So can these works still be called art? No matter how you decide, I found them, and especially the production videos, extremely fascinating!
Photos taken from designboom.com // CREDS TO ECHO YANG
My dear fellows,
The work I would like to write about today is a series of art, produced by Johanna Walling, that depicts the style of life many people, consciously or not, chose to live. ‘People I never got to know’ is the title of this project, which initially was a side effect of a film she shot during her Asia travels in 2010. As she developed the film, she noticed, that she shot photos of several people from behind, which she apparently never got to know.
This realization is a process many people do not live through in their lives. I believe that this way of living, here represented exemplary by those people she photographed, but never got to know, is an attitude that is commonly held, but makes life much less of an experience. Just to open your eyes and experience the world consciously can make a huge difference in your every-day life. My dad once told me, to always be aware of the persons walking in front of me and behind me when I go home at night. It is all about little that make your life either richer, or in some cases safer and it is a true shame to miss them.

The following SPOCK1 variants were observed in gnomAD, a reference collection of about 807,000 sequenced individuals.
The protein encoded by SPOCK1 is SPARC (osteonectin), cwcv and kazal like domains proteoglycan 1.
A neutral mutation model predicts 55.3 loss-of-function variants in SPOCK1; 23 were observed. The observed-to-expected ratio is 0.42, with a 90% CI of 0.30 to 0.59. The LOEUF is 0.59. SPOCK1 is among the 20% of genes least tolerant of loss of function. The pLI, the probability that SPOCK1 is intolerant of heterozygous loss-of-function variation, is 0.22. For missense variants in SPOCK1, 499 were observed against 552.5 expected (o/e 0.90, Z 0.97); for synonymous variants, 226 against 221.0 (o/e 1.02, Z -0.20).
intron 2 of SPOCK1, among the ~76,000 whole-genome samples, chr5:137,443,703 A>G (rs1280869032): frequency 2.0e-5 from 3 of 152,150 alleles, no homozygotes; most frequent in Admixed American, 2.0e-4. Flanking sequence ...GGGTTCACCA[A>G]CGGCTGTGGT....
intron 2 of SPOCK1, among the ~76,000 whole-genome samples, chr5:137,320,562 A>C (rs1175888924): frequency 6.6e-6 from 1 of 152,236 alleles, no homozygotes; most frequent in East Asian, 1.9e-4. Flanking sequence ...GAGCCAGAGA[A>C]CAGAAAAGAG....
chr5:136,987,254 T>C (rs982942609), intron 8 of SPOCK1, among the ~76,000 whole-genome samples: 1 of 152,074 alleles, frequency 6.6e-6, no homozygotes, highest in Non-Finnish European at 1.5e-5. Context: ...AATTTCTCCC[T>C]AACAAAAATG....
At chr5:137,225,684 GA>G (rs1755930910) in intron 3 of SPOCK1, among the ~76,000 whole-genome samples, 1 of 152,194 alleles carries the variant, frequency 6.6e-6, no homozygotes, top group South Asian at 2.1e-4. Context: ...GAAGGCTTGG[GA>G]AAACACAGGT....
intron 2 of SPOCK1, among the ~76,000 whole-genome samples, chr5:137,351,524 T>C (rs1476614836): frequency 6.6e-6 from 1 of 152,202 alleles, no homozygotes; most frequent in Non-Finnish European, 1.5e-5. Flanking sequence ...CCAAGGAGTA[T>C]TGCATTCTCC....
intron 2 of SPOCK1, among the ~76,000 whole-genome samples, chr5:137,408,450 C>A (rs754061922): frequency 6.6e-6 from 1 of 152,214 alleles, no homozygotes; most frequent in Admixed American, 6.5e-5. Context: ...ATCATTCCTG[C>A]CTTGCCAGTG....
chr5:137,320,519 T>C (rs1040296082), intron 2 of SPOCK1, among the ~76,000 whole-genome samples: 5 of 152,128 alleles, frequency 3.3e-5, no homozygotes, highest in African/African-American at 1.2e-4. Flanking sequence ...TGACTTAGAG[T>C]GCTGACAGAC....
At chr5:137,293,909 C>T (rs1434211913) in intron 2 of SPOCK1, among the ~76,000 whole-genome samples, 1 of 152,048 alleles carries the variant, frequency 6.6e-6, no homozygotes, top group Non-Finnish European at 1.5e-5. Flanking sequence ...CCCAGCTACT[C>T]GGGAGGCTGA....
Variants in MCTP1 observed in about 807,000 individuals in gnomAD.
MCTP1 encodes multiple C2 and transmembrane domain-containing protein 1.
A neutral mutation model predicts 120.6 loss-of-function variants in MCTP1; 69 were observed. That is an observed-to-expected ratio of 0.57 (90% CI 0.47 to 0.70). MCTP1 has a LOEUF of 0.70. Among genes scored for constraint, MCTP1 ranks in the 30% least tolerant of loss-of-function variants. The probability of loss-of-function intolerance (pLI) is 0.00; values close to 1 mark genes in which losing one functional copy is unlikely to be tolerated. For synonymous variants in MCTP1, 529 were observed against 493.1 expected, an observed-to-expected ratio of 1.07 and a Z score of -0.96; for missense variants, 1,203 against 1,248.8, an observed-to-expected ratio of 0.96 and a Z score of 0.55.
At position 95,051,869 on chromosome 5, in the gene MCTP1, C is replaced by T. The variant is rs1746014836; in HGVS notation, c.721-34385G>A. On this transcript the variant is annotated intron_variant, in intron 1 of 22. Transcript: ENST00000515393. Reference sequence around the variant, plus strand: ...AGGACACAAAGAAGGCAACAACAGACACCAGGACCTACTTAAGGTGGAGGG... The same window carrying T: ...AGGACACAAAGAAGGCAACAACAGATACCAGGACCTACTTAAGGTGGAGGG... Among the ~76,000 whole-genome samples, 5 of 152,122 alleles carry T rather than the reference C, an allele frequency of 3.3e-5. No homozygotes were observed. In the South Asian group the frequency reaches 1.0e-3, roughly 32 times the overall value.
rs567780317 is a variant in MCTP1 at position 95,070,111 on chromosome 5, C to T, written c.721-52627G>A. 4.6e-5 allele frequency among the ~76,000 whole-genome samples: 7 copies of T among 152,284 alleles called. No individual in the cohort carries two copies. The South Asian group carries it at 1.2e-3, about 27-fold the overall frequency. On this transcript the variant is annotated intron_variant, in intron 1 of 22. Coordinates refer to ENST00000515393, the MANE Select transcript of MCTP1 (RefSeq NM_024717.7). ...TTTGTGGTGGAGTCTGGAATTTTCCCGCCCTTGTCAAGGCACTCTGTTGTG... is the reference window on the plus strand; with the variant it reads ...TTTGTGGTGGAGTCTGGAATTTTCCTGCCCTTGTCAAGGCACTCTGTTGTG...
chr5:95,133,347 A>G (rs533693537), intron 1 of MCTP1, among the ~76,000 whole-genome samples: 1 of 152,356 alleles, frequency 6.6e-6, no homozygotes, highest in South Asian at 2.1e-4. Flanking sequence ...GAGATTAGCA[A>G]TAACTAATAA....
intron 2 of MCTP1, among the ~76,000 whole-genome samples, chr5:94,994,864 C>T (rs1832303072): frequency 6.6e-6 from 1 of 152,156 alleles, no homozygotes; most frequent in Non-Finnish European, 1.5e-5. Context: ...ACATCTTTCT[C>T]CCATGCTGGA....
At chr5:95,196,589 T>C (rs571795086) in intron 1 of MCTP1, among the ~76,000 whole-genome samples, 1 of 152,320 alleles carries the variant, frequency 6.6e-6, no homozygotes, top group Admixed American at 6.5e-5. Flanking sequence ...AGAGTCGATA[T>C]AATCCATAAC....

Now back to the art. The element that makes these pieces special is the tension it puts upon the onlooker by not exposing the subjects faces. When he looks at the picture the eye directly falls on the person and sticks with it. As the face is seen as the mirror of the soul and stands for an individual’s identity, the onlooker senses subconsciously that some elementary part of the central subject is missing and cannot find it, no matter how hard he is looking for it.
This tension makes a normal photograph a piece of art and is the reason I chose it.
CREDS: © http://www.johannawallin.net/